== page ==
I have been in Japan for the past week, working out of our office here in Yokohoma, meeting with customers and partners. The first thing you notice when you spend any time here is just how hard the Japanese work, even compared to the famously hard-charging work culture in silicon valley. That’s what kept coming to my mind when I read Arrington’s post comparing silicon valley to France.
Here is the schedule of my colleagues in Japan, and this is entirely typical in Japan: come in to work at 9 AM, on the dot, after a standing-room-only commute on a very crowded train lasting an hour or more, often changing 2-3 trains along the way. Lunch around 12:30 to 1 – usually a quick affair, often at their desk, so it is not even much of a break. Work till at 8 to 9 PM, with many folks staying in the office as late as mid-night, catching the last train, another hour spent commuting (trains are crowded even at 11 pm on week days!). If it is an important customer, you go out to dinner with them (add 3 hours!), and that means last-train-if-you-are-lucky and the last train is usually even more crowded. Yet, they are back at 9 AM next morning, impeccably dressed. I estimated that most of my colleagues cannot be getting more than 6 hours of sleep a night, and that’s assuming they do nothing at home after work other than sleep – which is what I did most of last week. I was so exhausted every day, all I could do was get to my apartment and just sleep.
I had joint meetings and a press conference with Intalio CEO Ismael Ghalimi, who also runs the Office 2.0 conference. Ismael and I were in violent agreement that life in silicon valley is a walk in the park compared to Japan. I also have a colleague from India staying with me, and he tells me he can’t keep up with the Japanese, and work life in India is easy compared to Japan. We have bad commutes, and lousy roads in India, but at least the work hours are not nearly so long or so strenuous.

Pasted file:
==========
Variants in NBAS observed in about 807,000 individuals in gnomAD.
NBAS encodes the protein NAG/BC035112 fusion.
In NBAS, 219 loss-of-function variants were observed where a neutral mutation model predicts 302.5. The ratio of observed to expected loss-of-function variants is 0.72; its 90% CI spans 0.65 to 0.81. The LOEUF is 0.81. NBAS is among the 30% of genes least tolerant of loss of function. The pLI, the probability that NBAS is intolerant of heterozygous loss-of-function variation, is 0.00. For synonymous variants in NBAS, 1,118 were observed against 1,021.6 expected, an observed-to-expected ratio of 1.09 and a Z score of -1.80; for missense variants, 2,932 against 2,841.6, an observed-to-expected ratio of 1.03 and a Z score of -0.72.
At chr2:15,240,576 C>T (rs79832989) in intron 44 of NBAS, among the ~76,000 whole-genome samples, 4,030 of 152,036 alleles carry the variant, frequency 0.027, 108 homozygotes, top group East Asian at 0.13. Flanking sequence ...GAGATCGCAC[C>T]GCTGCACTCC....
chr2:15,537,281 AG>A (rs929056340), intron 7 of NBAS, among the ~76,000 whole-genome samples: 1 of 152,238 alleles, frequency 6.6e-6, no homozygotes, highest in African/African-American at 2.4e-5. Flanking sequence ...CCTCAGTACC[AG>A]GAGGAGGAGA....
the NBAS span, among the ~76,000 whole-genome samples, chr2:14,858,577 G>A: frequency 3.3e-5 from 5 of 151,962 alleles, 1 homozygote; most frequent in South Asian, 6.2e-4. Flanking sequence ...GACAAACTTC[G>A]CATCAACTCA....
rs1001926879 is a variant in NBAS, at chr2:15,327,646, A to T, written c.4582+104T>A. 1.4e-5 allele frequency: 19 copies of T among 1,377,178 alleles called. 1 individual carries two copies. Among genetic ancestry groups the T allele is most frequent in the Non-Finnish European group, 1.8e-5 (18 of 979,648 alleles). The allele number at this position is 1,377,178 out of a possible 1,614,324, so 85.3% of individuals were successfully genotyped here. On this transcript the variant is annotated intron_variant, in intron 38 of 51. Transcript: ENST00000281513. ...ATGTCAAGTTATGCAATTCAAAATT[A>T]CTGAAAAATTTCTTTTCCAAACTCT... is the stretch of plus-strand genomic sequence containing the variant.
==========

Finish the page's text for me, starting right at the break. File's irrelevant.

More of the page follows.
Here is what was shocking to me: I got off at my station one day at 11 PM, and there were 3 kids, who looked about 12, still on the train, returning home from their after-school study session. My Japanese colleague told me that was not unusual, and these kids would get up and go to school next morning at 8 AM. Well, at least Japan is very, very safe: one of my female colleagues walks the last 20 minutes home well after midnight, because by the time she gets off the train station, the last bus would have departed.
I am married to work myself, so it felt all the more weird for me telling my Japanese colleagues to cut down their insane hours. I am technically the CEO, and they are very polite, but when I hear “Sridhar-san, this is Japan” – the all-purpose “explanation”, I know they are not going to listen.